A layered solution crystal growth technique and the crystal structure of (C6 H5 C2 H4 NH3 ) 2 PbCl4

Journal Article

Single crystals of the organic-inorganic perovskite (C6H5C2H4NH3) 2PbCl4 have been grown at room temperature using a layered solution approach. The bottom solution layer, contained within a long straight tube, consists of PbCl2 dissolved in concentrated aqueous HCl. A less dense layer of methanol is carefully placed on top of the HCl/PbCl2 solution using a syringe. Finally, a stoichiometric quantity of C6H5C2H4NH2 (relative to the PbCl2) is added to the top of the column. As the layers slowly diffuse together, well-formed crystals of (C6H5C2H4NH3) 2PbCl4 appear near the interface between the HCl/PbCl2 and C6H5C2H4NH2 solutions. The thick, plate-like crystals are well suited for X-ray crystallography studies. Room temperature intensity data were refined using a triclinic (P1̄) cell (a=11.1463(3) Å, b=11.2181(3) Å, c=17.6966(5) Å, α= 99.173(1)°, β=104.634(1)°, γ=89.999(1)°, V=2111.8(1) Å3, Z=4, Rf/Rw=0.031/0.044). The organic-inorganic layered perovskite structure features well-ordered sheets of corner-sharing distorted PbCl6 octahedra separated by bilayers of phenethylammonium cations. Tilting and rotation of the PbCl6 octahedra within the perovskite sheets, coupled with organic cation ordering, leads to the unusual in-sheet 2ap × 2ap superstructure, where ap is the lattice constant for the ideal cubic perovskite. © 1999 Academic Press.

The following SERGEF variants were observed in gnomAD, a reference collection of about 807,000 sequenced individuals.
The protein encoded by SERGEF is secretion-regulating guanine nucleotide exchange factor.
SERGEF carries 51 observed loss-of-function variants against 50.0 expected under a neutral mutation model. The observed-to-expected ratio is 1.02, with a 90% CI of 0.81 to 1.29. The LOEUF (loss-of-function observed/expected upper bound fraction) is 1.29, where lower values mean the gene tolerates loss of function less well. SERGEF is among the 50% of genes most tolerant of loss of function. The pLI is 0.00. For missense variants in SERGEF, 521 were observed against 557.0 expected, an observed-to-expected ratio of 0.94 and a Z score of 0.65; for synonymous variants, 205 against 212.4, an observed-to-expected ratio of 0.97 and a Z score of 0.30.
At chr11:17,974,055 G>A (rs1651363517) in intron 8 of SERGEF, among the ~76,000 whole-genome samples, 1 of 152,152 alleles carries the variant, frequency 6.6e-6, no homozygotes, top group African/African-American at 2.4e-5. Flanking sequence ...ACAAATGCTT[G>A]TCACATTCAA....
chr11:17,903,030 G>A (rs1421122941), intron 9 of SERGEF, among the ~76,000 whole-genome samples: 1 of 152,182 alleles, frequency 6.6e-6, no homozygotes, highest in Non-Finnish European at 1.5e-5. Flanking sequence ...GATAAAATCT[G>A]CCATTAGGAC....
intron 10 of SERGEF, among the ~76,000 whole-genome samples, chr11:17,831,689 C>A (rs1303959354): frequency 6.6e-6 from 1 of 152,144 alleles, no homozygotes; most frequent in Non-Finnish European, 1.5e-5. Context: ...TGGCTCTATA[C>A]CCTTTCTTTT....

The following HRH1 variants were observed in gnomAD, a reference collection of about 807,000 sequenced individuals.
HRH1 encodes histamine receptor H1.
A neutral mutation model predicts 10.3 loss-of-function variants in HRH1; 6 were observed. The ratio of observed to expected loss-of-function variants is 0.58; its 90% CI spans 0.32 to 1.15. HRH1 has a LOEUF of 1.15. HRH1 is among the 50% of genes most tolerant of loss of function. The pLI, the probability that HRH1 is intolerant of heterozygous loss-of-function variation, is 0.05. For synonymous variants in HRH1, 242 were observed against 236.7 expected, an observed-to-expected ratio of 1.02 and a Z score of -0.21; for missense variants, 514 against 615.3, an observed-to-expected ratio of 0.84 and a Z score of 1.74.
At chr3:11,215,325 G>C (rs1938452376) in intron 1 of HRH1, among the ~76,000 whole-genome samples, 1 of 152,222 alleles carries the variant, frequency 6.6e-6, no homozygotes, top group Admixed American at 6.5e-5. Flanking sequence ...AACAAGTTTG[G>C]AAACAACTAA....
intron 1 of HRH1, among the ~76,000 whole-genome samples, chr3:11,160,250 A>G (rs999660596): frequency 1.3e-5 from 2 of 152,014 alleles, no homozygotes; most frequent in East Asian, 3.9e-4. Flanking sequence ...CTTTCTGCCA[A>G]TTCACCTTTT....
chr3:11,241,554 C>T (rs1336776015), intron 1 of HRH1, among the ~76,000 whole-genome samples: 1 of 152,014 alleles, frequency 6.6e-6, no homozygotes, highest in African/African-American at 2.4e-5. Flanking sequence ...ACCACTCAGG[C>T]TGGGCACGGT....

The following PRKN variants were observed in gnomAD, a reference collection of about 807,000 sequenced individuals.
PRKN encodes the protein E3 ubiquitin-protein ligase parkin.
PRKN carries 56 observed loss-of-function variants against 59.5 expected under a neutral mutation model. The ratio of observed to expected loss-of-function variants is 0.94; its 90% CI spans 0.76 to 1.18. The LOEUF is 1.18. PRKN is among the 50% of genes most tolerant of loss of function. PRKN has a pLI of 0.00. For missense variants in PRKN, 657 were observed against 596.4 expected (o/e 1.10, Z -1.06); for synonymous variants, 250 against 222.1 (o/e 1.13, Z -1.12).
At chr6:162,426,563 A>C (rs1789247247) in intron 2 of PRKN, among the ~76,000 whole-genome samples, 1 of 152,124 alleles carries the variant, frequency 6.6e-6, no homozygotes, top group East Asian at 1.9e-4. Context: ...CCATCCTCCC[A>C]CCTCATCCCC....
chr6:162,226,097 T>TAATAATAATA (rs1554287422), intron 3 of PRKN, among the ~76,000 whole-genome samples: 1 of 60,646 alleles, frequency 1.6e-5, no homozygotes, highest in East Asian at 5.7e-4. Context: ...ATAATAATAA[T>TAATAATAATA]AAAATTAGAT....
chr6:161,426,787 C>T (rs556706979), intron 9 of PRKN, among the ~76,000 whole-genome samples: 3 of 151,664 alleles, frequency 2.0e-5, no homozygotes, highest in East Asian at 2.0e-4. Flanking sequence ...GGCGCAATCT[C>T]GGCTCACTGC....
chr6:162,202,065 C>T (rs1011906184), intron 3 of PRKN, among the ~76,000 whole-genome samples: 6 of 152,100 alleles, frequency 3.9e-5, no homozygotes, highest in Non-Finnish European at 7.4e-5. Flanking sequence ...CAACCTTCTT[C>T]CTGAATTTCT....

Duke Authors

Cited Authors

  • Mitzi, DB

Published Date

  • 1999

Published In

  • Journal of Solid State Chemistry

Volume / Issue

  • 145 / 2

Start / End Page

  • 694 - 704